Last modified: 2023-07-03 by rob raeside
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When colonial flags were introduced in 1869 few colonies had arms. Most flag badges were based upon the Public Seal which every colony had to have. In 1905 the Colonial Office issued a Circular Despatch (No14 of 1905) encouraging colonies to apply for arms. However since the cost was not a Colonial Office expense, but a charge on the budget of the colony, the decision to apply was the choice of the Colonial Government. Many thought that arms were unnecessary, or not worth the cost. The heralds at the College of Arms were not paid a salary, and the only income they had as heralds were the fees they charged for designing and registering arms. I don't know what was being charged in 1905 but in 1936 the Gilbert and Ellice Islands were charged 25 pounds for their badge. This was considered very reasonable. Aden and Northern Rhodesia had each paid 50 pounds for their badges and St Lucia had also paid 50 pounds for a badge and new seal design.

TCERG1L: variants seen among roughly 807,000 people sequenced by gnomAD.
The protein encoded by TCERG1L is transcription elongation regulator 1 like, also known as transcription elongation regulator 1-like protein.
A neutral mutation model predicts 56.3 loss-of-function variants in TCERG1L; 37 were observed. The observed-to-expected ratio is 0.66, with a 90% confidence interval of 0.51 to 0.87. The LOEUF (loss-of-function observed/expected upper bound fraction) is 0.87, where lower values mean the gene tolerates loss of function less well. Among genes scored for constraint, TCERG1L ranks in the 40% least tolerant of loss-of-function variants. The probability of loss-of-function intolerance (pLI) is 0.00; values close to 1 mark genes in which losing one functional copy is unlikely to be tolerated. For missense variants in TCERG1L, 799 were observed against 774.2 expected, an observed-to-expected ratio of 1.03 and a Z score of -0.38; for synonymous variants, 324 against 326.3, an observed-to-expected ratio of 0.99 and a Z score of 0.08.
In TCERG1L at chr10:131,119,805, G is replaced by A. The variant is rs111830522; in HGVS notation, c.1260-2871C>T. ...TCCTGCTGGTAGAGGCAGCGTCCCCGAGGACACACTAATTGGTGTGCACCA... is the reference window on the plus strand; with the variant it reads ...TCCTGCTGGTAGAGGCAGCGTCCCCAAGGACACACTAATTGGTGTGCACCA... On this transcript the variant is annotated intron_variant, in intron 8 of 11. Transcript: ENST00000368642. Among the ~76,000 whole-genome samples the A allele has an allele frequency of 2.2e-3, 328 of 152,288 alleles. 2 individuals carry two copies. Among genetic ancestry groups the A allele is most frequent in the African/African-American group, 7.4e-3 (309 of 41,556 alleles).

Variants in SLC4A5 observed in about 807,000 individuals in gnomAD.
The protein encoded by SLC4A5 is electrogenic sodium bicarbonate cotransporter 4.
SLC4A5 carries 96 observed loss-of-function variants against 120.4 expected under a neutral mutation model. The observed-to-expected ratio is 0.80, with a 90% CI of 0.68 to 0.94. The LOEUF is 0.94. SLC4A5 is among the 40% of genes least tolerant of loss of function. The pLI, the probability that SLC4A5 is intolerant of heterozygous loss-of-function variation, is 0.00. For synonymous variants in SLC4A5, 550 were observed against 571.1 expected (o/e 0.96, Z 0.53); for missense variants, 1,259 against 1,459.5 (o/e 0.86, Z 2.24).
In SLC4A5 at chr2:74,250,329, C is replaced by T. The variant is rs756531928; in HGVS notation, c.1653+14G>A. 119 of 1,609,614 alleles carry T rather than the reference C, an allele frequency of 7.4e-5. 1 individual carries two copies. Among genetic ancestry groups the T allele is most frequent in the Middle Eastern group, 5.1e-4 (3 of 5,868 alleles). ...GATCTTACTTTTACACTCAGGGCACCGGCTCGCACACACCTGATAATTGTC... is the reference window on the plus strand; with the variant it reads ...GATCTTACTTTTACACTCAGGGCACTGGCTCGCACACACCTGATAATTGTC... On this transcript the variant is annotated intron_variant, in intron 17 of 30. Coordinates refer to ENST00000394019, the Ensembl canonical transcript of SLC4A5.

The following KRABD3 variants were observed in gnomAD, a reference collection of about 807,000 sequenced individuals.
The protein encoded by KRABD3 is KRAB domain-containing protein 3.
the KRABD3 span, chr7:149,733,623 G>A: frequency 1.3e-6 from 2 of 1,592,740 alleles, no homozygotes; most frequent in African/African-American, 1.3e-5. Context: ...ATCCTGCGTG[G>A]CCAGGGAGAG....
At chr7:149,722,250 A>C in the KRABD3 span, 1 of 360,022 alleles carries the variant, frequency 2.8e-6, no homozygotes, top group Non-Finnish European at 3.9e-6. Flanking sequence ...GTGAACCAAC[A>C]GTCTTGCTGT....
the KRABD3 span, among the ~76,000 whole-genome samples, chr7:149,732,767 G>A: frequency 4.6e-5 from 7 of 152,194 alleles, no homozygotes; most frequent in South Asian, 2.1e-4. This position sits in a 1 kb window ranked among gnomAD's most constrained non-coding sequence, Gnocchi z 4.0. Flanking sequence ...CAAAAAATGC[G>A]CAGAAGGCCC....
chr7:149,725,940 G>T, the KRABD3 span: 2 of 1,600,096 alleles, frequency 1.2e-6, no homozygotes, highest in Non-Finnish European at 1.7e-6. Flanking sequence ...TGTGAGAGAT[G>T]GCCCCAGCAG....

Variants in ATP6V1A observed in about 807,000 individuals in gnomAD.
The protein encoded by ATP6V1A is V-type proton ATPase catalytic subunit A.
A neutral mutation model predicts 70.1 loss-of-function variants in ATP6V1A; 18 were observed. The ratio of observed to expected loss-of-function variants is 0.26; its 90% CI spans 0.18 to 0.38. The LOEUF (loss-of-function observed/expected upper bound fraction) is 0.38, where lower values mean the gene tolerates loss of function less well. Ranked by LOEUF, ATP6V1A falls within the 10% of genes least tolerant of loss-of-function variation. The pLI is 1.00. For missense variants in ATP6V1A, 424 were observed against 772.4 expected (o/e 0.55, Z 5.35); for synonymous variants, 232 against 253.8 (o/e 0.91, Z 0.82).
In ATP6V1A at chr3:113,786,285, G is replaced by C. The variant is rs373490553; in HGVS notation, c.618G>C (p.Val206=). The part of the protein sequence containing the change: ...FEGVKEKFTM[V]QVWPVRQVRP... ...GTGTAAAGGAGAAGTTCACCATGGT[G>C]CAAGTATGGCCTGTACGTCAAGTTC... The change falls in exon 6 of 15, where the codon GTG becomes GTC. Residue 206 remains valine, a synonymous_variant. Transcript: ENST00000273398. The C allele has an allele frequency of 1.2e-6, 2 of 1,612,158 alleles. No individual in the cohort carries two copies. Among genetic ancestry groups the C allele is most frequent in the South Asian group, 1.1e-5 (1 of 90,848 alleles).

Gold Coast and Gambia were granted arms in 1957 and 1964 respectively, in preparation for independence, and Sierra Leone's arms were replaced by a new design in 1960 just before independence.
David Prothero, 26 September 2000
See the following pages:
[Click on flag for larger image.]
I would call this a patriotic decoration rather than a flag, in the sense that it was probably meant to be draped indoors, and not flown on a flag pole.
It has the Star of India in the centre, four white stars on the St George's cross probably represent New Zealand, the arms of Australia, Canada, and Union of
South Africa in the quarters. The South African arms were granted in 1910. The maple leaves on the Canadian shield were blazoned in 1921 and changed from green to red in 1957.
It might have been produced for celebrations in connection with the Silver Jubilee of George V in 1935, or the Coronation of George VI in 1937.
David Prothero, 2 July 2002
The Australian Coat-of-Arms was the official one between 1908 and 1910.
As for the Southern Cross, I believe it stands for New Zealand.
Miles Li, 2 July 2002